Free speech can cost you your freedom. :
(CNN) - It was a sarcastic Facebook comment during an argument about a video game. And, according to the father of 19-year-old Justin Carter, it was enough to land his son behind bars for months, facing the possibility of years in prison.
Carter, who is currently on suicide watch in Comal County Jail near San Antonio, Texas, has been locked up since February. He faces a charge of making terroristic threats, a felony that could theoretically bring a sentence of up to eight years.
"He's very depressed. He's very scared and he's very concerned that he's not going to get out," Jack Carter, Justin's father, told CNN on Tuesday. "He's pretty much lost all hope."
In February, Justin, then 18, and a friend were arguing on Facebook with someone else over the online video game "League of Legends."
"Someone had said something to the effect of 'Oh you're insane. You're crazy. You're messed up in the head,'" Jack Carter told CNN affiliate KVUE in Austin. "To which he replied 'Oh yeah, I'm real messed up in the head. I'm going to go shoot up a school full of kids and eat their still-beating hearts.'"
According to court documents, Justin wrote "I'm f---ed in the head alright. I think I'ma (sic) shoot up a kindergarten and watch the blood of the innocent rain down and eat the beating heart of one of them."
Jack Carter said his son followed the claim with "LOL" and "J/K" -- indicating that the comment wasn't serious.
But someone else -- Carter says a woman in Canada -- noticed the comment and reported it to authorities. Coming two months after the deadly shootings at an elementary school in Newtown, Connecticut, the report wasn't taken lightly. According to court documents, Carter lived less than a half-mile from an elementary school in New Braunfels, Texas.
A search warrant was issued on February 13 and, a week later, a judge issued a warrant for his arrest.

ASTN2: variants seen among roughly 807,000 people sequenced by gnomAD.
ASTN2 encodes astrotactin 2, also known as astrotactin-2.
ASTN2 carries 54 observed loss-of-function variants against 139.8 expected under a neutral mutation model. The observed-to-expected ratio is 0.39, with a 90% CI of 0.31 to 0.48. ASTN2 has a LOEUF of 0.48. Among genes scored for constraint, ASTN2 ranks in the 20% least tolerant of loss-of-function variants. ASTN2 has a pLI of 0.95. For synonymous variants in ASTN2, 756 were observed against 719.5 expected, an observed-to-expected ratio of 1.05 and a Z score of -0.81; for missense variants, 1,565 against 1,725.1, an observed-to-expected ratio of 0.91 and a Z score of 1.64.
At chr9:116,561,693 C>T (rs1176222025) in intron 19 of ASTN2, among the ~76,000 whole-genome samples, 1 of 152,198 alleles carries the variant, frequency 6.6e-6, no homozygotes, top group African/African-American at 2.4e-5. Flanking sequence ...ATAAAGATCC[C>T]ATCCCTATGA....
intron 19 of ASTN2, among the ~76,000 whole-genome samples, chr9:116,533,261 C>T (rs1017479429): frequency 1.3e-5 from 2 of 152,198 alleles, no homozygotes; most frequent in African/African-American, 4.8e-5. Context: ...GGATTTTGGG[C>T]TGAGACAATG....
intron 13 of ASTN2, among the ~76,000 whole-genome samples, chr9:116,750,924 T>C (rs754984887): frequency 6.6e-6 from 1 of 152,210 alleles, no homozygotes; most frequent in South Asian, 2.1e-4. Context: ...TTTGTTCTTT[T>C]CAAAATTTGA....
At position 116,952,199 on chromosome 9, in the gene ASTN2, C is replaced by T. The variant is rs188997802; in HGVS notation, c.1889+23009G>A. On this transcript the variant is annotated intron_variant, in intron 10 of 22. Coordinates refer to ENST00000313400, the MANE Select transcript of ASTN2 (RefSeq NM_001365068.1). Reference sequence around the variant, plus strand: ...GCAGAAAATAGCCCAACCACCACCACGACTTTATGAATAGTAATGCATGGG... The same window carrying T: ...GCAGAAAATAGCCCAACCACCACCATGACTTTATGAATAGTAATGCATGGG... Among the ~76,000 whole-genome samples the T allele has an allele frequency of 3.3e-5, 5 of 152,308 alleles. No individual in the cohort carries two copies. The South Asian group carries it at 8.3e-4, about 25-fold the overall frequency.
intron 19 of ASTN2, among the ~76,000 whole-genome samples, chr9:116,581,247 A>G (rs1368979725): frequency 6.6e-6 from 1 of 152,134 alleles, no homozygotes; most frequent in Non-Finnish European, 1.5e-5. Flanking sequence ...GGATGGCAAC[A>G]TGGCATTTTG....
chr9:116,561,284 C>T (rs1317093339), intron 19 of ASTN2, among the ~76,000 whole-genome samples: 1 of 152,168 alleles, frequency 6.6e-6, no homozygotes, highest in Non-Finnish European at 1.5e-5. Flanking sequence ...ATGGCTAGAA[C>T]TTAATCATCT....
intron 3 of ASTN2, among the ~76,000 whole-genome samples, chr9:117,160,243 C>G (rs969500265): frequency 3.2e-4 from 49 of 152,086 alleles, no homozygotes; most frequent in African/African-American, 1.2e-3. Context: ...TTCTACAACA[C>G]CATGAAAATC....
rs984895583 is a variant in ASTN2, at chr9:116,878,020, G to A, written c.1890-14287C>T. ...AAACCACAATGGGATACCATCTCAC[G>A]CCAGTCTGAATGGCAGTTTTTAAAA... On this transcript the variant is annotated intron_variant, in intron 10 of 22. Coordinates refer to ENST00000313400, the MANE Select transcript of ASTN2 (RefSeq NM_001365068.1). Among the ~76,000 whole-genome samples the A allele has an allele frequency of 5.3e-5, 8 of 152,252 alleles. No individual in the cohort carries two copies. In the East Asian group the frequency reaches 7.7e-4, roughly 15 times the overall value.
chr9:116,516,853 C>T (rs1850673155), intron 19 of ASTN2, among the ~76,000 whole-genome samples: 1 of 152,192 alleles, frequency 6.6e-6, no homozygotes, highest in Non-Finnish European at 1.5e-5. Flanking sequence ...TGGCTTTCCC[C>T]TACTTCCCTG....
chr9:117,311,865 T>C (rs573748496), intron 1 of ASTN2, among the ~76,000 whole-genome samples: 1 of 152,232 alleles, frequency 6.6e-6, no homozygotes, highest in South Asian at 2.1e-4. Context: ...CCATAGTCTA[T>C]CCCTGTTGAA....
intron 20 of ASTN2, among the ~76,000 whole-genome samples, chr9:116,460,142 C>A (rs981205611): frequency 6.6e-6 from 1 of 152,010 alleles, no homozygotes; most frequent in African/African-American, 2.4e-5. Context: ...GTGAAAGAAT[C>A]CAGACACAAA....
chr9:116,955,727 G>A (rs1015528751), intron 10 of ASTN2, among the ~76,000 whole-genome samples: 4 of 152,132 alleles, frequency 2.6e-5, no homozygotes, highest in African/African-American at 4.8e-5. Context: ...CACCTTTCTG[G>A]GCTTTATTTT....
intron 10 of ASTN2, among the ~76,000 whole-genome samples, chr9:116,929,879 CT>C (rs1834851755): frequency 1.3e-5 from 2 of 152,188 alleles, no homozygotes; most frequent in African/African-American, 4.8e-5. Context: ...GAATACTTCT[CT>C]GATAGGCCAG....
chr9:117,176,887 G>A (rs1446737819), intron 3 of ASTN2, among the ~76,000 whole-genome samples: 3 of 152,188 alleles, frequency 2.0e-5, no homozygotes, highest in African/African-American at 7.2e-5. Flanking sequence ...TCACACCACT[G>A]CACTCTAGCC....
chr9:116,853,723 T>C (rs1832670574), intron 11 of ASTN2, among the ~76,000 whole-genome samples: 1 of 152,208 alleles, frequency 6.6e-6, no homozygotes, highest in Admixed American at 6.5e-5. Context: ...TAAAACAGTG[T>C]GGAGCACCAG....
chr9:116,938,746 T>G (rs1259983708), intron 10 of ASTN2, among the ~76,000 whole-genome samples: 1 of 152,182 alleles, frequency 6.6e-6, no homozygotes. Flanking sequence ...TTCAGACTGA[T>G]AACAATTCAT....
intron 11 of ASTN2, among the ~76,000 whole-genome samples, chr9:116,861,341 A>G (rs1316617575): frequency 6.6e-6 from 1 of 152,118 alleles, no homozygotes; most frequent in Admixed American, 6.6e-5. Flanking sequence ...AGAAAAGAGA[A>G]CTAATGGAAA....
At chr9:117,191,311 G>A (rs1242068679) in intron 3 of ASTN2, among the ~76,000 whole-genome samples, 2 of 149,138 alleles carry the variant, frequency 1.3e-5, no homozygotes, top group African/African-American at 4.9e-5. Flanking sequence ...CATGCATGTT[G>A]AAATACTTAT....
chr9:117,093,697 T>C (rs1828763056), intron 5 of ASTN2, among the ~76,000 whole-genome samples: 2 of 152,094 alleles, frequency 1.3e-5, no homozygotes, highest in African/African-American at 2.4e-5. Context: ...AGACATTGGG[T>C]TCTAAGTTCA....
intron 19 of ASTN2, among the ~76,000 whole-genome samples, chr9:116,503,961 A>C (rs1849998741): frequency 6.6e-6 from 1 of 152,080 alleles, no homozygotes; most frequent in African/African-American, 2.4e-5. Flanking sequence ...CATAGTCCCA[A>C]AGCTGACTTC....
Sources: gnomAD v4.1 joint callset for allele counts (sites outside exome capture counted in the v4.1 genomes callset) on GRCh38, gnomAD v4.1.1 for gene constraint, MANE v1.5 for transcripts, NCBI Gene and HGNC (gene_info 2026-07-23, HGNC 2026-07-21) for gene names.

"I thought it was a joke," Jack Carter told CNN. "I couldn't believe the person that called me. I kept telling them they have to be kidding. When I realized he wasn't, I literally broke down crying."
A judge set bond for Justin Carter at $500,000, meaning that 10% of that, or $50,000, would have to be posted to get him out of jail while he awaits trial. His lawyer, Donald H. Flanary III, says that's far more than his family can afford.
"It's outrageous," Flanary, who is working the case for free, told CNN Tuesday. "I've represented murderers and their bond was $150,000."
Flanary said he planned to meet with Justin Carter Tuesday afternoon and ask a judge for the bond to be reduced. He said police didn't find any weapons or other items to suggest that Justin's comment was serious, but that, "in the times we're living in, it was kind of a perfect storm."
"The law enforcement, the sheriff's department, the district attorney's office -- nobody wants to be the one that let him go," Flanary said. "They don't think about the person or the crime or the lack of crime ... they don't want to take responsibility for something happening in the future."
A spokeswoman for the police department in Austin, where Justin was originally jailed, referred a request for comment and arrest documents to neighboring New Braunfels Police. A police department spokesman there did not immediately respond to a similar request.